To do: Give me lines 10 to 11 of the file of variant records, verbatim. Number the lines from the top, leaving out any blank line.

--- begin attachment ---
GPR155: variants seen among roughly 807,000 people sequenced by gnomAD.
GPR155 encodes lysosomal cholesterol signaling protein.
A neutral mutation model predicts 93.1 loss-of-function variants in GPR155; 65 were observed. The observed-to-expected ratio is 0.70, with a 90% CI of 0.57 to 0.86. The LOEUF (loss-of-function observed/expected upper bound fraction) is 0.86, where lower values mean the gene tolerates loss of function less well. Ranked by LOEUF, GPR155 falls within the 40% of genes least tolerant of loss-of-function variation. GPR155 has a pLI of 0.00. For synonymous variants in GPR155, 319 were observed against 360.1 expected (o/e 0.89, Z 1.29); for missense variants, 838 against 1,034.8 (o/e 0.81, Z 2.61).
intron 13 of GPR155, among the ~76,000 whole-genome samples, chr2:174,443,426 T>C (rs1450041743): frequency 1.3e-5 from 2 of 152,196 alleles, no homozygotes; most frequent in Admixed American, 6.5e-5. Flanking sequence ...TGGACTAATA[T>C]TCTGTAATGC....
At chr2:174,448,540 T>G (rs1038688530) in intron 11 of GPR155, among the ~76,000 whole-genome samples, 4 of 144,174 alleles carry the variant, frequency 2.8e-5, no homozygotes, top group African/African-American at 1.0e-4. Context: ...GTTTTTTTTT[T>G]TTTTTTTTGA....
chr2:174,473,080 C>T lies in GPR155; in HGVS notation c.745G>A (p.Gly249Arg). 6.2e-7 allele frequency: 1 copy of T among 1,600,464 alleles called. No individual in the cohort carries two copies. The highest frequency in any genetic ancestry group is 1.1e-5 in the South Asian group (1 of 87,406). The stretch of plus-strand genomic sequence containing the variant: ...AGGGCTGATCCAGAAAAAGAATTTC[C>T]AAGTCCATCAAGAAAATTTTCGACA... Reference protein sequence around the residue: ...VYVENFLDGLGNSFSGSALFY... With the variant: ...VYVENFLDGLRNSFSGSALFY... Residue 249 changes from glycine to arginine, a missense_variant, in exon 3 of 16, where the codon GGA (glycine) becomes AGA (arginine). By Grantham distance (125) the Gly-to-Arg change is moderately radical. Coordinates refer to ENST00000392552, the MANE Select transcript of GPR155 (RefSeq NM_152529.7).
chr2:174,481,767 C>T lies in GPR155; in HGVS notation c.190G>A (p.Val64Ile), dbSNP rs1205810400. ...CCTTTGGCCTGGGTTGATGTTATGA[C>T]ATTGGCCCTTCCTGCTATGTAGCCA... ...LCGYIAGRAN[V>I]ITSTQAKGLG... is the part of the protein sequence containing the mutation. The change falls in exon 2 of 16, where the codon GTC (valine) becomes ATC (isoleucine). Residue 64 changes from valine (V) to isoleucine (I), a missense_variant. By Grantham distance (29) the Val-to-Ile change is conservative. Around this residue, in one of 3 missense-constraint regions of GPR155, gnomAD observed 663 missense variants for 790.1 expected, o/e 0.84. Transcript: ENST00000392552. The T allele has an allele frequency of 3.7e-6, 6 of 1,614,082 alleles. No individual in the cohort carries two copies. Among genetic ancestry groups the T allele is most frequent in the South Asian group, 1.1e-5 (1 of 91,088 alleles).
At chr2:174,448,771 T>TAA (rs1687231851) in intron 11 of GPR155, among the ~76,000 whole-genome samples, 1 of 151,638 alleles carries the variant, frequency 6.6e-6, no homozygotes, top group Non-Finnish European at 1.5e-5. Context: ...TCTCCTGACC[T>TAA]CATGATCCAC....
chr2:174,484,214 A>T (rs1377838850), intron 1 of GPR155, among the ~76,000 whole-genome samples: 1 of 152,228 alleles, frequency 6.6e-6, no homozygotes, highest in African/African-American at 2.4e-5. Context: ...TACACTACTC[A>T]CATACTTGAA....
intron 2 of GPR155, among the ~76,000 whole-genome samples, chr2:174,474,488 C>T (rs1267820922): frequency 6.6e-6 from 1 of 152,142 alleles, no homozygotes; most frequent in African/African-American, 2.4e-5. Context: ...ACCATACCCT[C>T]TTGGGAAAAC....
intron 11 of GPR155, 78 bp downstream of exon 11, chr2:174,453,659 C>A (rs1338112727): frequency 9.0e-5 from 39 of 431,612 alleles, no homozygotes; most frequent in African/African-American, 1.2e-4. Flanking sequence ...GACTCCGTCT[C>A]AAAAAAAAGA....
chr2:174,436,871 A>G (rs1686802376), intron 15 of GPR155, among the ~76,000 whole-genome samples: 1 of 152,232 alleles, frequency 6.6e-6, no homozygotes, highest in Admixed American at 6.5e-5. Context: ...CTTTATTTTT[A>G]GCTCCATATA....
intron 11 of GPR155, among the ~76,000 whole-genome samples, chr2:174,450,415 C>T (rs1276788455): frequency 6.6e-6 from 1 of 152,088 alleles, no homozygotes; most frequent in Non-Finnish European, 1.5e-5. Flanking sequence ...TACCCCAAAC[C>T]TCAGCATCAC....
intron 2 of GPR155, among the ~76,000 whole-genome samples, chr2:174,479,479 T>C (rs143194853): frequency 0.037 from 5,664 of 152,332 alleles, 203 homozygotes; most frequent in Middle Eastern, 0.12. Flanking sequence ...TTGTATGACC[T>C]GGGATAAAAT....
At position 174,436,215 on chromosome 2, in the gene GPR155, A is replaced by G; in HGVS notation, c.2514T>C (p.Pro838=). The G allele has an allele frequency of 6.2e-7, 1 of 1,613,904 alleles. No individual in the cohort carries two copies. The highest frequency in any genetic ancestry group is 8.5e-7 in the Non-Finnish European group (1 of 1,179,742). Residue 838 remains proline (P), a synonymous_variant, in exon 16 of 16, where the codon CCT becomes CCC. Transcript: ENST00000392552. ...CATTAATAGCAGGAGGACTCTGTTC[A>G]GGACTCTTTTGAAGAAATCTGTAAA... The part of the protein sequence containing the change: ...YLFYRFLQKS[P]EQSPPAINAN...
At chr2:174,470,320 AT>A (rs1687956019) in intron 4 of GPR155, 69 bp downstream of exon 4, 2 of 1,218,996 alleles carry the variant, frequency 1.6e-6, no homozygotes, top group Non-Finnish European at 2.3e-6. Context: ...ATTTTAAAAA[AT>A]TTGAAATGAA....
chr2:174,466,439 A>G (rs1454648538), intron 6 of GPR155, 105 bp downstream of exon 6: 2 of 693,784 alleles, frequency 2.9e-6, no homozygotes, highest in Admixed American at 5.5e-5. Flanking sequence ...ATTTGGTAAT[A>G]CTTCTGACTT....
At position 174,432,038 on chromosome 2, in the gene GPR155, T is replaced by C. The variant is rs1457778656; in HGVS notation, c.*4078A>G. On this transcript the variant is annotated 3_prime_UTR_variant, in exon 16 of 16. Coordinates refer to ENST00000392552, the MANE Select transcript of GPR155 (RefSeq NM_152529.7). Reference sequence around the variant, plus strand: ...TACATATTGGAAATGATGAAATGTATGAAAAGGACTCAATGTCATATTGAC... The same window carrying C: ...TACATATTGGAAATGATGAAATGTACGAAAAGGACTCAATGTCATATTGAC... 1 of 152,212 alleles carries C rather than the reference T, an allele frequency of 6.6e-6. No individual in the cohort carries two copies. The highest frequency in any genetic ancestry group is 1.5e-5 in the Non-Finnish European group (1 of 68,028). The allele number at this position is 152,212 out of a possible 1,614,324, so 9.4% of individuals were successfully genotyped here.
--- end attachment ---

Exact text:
intron 2 of GPR155, among the ~76,000 whole-genome samples, chr2:174,474,488 C>T (rs1267820922): frequency 6.6e-6 from 1 of 152,142 alleles, no homozygotes; most frequent in African/African-American, 2.4e-5. Context: ...ACCATACCCT[C>T]TTGGGAAAAC....
intron 11 of GPR155, 78 bp downstream of exon 11, chr2:174,453,659 C>A (rs1338112727): frequency 9.0e-5 from 39 of 431,612 alleles, no homozygotes; most frequent in African/African-American, 1.2e-4. Flanking sequence ...GACTCCGTCT[C>A]AAAAAAAAGA....